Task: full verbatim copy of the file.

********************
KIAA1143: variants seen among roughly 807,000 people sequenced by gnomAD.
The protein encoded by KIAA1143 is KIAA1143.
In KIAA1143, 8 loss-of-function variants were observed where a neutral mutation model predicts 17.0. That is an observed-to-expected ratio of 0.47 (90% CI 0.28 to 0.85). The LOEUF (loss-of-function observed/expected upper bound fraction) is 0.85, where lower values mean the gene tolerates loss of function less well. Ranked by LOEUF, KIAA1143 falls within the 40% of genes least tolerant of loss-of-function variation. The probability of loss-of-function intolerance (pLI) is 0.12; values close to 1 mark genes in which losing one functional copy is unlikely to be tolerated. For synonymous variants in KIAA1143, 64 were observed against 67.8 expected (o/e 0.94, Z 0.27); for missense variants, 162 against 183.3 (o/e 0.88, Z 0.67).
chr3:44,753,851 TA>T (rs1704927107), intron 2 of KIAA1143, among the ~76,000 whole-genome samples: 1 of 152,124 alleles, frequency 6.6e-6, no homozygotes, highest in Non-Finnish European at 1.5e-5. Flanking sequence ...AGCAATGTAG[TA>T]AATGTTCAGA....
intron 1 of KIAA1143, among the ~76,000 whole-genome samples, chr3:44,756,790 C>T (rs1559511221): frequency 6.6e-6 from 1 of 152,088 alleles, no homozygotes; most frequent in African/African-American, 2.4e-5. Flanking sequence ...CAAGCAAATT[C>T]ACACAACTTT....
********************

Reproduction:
KIAA1143: variants seen among roughly 807,000 people sequenced by gnomAD.
The protein encoded by KIAA1143 is KIAA1143.
In KIAA1143, 8 loss-of-function variants were observed where a neutral mutation model predicts 17.0. That is an observed-to-expected ratio of 0.47 (90% CI 0.28 to 0.85). The LOEUF (loss-of-function observed/expected upper bound fraction) is 0.85, where lower values mean the gene tolerates loss of function less well. Ranked by LOEUF, KIAA1143 falls within the 40% of genes least tolerant of loss-of-function variation. The probability of loss-of-function intolerance (pLI) is 0.12; values close to 1 mark genes in which losing one functional copy is unlikely to be tolerated. For synonymous variants in KIAA1143, 64 were observed against 67.8 expected (o/e 0.94, Z 0.27); for missense variants, 162 against 183.3 (o/e 0.88, Z 0.67).
chr3:44,753,851 TA>T (rs1704927107), intron 2 of KIAA1143, among the ~76,000 whole-genome samples: 1 of 152,124 alleles, frequency 6.6e-6, no homozygotes, highest in Non-Finnish European at 1.5e-5. Flanking sequence ...AGCAATGTAG[TA>T]AATGTTCAGA....
intron 1 of KIAA1143, among the ~76,000 whole-genome samples, chr3:44,756,790 C>T (rs1559511221): frequency 6.6e-6 from 1 of 152,088 alleles, no homozygotes; most frequent in African/African-American, 2.4e-5. Flanking sequence ...CAAGCAAATT[C>T]ACACAACTTT....